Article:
KS Kristeva writes of “consumerism that swallows up human life.” Consumerism inspires criminality in the girls; their crime initiates a kind of trial. It’s not totally clear if they survive its proceedings.
LI I think they survive in different ways. Which is to say, they manage. Their parents manage. Everyone seems to be on trial, in some sense, since credit fraud is easily in reach of everyone; so, in this sense, the question is not “Did you steal?” but “Will you?” Anyway, what would it mean to behave morally, or not amorally, in this environment? Is using a credit card legally, in one’s own name, a moral act?
We need suffering in order to have knowledge. It’s not just some stupid free-for-all of postmodern floating signifiers in life! I think this is the tragedy I’m trying to point out here. Debt may not be “real,” but other things you think, feel, see, and so forth are real. Other things (and people) supporting the insubstantial magic of capital are real. I know we all know this! Maybe this has something to do with the fact that suffering is never theoretical.
KS Sometimes, the young girls read like drones collaged from ads in sales catalogs. They slip into the apparatus of capitalism through “wanting” and “suffering.” Their “wanting” and “suffering” is different than the wanting and suffering of those laboring to produce all that stuff, but the girls are no more free to escape their affliction than the laborers are to escape theirs.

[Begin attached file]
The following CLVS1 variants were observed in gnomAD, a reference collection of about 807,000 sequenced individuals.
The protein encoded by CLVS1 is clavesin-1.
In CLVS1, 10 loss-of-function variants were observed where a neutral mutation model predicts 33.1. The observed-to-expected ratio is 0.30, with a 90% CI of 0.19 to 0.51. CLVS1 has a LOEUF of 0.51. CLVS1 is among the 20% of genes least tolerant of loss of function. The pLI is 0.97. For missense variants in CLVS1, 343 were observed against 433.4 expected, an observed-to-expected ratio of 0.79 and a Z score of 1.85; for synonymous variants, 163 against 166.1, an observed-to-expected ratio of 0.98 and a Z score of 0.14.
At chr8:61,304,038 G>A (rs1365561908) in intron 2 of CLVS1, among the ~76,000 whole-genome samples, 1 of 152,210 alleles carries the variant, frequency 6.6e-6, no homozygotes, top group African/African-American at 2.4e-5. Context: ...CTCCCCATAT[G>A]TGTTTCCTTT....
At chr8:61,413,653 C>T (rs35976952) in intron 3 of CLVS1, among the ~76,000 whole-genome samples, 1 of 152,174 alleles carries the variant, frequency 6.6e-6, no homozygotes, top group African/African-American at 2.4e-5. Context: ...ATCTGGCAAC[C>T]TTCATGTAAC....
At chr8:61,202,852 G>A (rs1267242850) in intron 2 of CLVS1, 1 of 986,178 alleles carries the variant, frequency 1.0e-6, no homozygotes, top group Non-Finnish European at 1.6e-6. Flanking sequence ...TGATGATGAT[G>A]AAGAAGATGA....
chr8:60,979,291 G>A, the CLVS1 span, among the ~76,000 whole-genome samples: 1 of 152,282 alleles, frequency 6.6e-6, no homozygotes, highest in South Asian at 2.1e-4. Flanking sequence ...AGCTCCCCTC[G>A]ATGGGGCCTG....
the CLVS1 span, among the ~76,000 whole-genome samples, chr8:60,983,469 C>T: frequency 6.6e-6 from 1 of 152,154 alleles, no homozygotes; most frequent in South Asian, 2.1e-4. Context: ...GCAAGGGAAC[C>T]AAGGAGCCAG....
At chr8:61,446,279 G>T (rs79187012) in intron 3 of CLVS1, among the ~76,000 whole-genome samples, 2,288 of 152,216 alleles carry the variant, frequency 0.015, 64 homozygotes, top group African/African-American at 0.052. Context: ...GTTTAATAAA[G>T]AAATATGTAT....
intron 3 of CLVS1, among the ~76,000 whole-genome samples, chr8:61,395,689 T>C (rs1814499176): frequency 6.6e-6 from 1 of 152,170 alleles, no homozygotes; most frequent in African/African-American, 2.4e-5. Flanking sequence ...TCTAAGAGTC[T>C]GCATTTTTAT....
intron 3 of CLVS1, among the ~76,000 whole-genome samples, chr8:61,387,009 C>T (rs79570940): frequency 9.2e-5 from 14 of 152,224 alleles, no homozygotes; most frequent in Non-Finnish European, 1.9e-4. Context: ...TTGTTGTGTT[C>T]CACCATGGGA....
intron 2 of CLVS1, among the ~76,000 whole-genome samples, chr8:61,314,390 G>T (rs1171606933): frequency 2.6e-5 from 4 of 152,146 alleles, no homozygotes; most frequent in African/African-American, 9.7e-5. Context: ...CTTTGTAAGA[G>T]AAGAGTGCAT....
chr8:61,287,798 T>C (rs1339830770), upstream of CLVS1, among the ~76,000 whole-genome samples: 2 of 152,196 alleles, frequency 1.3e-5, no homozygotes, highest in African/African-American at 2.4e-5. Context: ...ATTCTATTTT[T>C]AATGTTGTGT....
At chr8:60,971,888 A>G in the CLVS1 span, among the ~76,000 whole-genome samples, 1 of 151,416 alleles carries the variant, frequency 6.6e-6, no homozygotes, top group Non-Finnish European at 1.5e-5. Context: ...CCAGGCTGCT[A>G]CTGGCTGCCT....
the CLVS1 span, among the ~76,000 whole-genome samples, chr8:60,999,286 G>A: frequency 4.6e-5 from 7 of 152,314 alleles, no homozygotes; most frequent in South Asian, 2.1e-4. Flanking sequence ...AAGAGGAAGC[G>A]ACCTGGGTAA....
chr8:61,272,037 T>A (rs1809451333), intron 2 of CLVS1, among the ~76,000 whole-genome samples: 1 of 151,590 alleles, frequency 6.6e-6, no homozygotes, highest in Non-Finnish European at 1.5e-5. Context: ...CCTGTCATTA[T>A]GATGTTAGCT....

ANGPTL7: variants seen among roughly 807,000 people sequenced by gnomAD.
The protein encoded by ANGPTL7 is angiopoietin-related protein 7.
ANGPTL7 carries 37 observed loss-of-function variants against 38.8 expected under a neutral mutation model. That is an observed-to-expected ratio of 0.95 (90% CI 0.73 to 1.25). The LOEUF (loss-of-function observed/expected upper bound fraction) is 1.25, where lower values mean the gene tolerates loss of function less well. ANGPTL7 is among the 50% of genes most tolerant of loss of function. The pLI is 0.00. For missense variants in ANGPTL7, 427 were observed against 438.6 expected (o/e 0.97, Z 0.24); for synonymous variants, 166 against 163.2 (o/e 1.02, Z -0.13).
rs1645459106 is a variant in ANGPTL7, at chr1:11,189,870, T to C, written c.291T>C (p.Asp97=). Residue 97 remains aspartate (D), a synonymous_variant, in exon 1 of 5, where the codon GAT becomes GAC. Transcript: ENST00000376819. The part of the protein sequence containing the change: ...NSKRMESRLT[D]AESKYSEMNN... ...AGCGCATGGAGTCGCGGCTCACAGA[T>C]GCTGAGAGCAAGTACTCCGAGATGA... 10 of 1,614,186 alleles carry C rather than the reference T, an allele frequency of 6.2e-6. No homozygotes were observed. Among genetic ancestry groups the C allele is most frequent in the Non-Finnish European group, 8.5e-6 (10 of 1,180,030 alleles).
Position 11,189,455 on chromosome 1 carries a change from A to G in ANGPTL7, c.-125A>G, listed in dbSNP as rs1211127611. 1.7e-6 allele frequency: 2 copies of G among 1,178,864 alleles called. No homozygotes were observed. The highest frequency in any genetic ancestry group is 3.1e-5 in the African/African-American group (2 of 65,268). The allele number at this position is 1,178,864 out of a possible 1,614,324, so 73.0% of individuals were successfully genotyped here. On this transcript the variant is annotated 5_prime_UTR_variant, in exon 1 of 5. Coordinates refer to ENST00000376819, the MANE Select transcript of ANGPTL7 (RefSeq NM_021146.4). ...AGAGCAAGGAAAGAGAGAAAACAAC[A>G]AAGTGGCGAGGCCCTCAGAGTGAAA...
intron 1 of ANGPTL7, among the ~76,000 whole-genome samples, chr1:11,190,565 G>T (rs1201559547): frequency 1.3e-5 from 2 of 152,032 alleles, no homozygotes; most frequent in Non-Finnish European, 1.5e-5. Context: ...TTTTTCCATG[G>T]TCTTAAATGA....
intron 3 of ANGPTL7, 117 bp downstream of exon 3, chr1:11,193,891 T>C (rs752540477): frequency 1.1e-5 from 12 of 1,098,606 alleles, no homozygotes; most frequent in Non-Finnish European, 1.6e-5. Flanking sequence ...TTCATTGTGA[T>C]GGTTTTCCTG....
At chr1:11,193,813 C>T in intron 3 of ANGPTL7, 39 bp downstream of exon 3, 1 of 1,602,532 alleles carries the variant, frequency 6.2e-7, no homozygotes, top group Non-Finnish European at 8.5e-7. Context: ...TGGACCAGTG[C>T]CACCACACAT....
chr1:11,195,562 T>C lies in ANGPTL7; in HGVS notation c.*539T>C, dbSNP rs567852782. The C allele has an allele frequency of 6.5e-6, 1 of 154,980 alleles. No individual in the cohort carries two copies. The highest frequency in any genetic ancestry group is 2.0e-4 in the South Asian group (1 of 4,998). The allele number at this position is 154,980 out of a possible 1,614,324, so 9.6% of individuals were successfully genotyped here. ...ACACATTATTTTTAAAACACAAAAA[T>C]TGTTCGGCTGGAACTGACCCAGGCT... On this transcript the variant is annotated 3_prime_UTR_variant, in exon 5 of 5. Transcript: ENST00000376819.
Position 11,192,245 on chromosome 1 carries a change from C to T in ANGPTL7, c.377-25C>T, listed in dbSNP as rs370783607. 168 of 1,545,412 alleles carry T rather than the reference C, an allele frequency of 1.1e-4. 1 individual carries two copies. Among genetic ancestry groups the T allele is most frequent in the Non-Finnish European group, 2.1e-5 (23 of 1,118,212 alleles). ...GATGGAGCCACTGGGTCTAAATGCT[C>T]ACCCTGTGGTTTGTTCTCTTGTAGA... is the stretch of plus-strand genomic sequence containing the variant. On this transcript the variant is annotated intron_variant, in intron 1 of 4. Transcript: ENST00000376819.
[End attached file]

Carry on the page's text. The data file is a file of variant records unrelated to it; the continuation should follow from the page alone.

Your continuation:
LI The characters in nineties are attempting to learn a livable idea of freedom. They’re trying to be free, to behave in the way that they believe people who are actually free would behave. However, their idea of freedom is mostly destructive—and false. It’s based on images they’ve gathered from entertainments of the day and is fundamentally apolitical, by which I mean it has zero to say about what it means to live together and share limited resources and so on. In fact, one of the major problems with the idea of freedom the characters in nineties subscribe to—which is to say, the three main characters, who commit the crime—is that it assumes that one lives in a society of literally limitless wealth and abundance, that there will always be more, and that therefore one is an idiot if one does not simply take whatever one wants. Here, freedom is recognition of this purported infinite abundance. It’s the willingness to look this terrifyingly massive abundance dead-on, to realize the implications and possibilities of a supposed infinite fungibility of money and debt. It probably seems strange to some people that adolescents could have such an idea about larger social and/or economic notions and even act accordingly, but I guess that is what this novel is about.